PVS), so that proofs that are not discharged automatically can be dealt with
manually in a proof assistant, using the assistant facilities (tactics,
external calls to an automatic prover, etc.).

So your feeling that Frama-C has a strong focus on mathematical proofs is
not completely wrong: Frama-C does allow you to express and prove hard
mathematical properties of your program, through the use of your preferred
proof assistant, while SPARK tools do not help you there.

I should add that we are in the process of plugging the Why tool for
verifying SPARK programs, at AdaCore/Praxis, but the results of this project
will not be available anytime soon.
In this same project, we will be working with people from Frama-C to verify
mixed Ada/C programs.

Hope this helps,

On Wed, Nov 11, 2009 at 9:30 AM, CUOQ Pascal <Pascal.CUOQ at cea.fr> wrote:

> Hello and welcome,
> > I am not very familiar with either Frama-C or Ada/SPARK.
> > I am wondering whether anyone in the list would be able
> > to comment on how they compare against each other.
> > It seems as though Frama-C has a stronger focus on mathematic
> > proofs whereas SPARK is more like an static analyzer.
> This is not going to be a definitive answer because I
> am less familiar with SPARK than Frama-C.
> I do not quite agree with this characterization of Frama-C,
> unless by "static analyzer" you mean a tool to enforce
> coding rules, which indeed no provided Frama-C plug-in
> does (someone could still write their own plug-in to
> enforce coding rules, and in fact some people have,
> for their own needs), or a heuristic bug-finding tool,
> something we have not focused on given the already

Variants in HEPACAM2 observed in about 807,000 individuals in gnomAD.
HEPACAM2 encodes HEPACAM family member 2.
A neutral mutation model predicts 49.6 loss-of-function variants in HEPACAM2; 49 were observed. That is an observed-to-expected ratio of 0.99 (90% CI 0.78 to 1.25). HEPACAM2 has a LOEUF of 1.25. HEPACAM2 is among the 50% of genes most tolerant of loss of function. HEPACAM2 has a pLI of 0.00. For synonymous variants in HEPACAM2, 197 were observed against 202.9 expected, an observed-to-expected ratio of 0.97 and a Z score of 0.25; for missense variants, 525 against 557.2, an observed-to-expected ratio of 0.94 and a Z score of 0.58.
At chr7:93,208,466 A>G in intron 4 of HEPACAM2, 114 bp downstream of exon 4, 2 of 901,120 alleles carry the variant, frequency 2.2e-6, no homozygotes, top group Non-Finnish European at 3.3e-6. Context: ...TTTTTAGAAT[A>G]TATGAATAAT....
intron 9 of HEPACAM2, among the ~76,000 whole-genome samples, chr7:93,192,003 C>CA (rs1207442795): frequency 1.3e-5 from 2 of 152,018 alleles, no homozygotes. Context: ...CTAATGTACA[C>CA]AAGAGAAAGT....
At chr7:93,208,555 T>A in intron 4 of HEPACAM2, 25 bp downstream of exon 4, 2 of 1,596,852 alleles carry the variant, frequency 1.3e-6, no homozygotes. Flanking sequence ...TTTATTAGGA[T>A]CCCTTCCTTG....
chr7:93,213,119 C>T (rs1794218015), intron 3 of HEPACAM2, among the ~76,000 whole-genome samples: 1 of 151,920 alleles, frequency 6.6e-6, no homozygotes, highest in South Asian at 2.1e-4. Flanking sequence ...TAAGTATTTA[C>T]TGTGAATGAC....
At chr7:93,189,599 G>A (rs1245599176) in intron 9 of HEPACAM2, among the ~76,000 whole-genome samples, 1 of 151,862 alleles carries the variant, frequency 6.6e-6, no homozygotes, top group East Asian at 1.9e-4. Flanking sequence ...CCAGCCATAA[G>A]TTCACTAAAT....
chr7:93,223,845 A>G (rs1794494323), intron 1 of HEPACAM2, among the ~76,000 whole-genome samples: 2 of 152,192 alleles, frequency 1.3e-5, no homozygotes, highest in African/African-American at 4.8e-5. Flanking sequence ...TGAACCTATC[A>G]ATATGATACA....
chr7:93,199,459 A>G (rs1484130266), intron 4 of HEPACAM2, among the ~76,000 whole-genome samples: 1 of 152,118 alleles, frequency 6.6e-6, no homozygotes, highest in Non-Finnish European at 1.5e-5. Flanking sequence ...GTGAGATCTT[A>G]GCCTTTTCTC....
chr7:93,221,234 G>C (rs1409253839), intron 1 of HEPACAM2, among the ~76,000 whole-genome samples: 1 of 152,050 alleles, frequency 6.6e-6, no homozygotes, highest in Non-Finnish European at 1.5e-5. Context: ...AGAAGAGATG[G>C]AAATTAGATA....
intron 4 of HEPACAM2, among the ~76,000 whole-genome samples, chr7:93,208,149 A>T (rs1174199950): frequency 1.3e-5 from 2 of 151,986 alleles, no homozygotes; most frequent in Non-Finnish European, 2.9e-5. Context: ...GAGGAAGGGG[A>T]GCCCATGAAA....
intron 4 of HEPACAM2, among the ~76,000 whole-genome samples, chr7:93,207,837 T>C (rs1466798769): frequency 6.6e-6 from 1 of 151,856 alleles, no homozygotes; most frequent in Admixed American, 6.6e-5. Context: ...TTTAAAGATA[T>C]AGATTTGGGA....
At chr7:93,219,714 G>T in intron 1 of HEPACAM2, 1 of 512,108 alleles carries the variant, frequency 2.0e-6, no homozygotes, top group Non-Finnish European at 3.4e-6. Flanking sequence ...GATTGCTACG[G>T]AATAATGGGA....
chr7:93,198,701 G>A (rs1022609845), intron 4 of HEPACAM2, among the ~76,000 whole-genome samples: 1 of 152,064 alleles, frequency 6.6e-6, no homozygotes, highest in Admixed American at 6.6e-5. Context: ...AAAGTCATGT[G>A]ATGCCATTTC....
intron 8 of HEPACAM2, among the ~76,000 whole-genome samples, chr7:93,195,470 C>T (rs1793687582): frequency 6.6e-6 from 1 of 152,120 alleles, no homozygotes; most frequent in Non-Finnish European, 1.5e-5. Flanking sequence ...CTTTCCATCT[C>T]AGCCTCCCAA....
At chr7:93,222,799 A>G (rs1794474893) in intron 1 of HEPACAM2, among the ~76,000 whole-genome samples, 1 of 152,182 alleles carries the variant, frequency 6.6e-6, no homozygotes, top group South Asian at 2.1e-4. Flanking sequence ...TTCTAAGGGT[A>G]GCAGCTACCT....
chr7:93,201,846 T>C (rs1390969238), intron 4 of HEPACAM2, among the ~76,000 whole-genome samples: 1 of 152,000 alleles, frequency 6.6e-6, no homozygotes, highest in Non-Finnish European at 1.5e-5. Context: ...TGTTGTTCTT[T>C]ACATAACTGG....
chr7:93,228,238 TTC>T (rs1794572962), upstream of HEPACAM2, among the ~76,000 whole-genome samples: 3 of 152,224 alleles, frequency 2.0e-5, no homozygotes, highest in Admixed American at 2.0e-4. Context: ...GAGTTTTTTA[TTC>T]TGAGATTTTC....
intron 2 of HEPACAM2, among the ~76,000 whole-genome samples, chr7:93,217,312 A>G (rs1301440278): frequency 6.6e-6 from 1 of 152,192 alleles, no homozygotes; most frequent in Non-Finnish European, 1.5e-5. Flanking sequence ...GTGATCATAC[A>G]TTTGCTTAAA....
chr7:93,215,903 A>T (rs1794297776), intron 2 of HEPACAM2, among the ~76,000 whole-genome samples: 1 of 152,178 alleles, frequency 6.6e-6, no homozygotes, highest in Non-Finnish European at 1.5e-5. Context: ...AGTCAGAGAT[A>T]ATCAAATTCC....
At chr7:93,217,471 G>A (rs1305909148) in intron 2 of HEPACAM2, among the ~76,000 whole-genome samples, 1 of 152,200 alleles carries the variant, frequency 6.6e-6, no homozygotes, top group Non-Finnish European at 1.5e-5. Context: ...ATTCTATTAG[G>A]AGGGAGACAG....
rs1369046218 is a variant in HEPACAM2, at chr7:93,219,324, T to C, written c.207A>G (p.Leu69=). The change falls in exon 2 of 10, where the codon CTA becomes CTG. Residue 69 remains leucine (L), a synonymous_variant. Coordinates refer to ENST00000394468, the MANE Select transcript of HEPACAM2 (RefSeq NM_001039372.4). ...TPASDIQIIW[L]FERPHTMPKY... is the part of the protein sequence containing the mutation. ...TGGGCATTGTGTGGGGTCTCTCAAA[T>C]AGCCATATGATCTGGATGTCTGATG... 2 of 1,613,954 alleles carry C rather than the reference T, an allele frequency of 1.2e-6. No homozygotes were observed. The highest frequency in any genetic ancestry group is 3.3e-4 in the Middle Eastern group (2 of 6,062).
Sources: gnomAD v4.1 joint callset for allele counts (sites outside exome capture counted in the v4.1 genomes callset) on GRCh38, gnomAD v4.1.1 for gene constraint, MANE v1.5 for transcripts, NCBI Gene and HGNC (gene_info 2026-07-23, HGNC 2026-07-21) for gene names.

> healthy existing microcosm of tools that do that for
> the C language.
> There is in principle nothing that prevents any static
> analysis applicable to C to be implemented as a plug-in,
> although those we provide for now are the Value Analysis,
> and plug-ins that exploit its results, with the limitations
> this implies.
> On the other hand, if I understand correctly what I have
> been told by someone from Praxis, SPARK relies on
> deductive techniques too.
> So the bottom line is that they are very similar.
> SPARK/Ada is an older, more mature framework,
> and it defines its own subset of Ada
> that it works with. Frama-C uses C, which
> is not as well defined as Ada in the first place
> (the standard is weak because it has to retrofit all the
> existing compilers, so embedded developers often have to
> rely on behaviors of their compiler that are not mandated
> by the standard, and to make things worse some compiler
> developers are actively trying to break these embedded
> developers' programs). Frama-C does not define a common
> subset of C, although each plug-in can of course refuse
> to handle this or that difficult C construct. We will soon have
> some very impressive demos of C programs with difficult
> constructs being verified in a collaborative approach where
> the participating plug-ins help each other navigate around
> the analyzed program's difficulties.
> Hope this helps,
> Pascal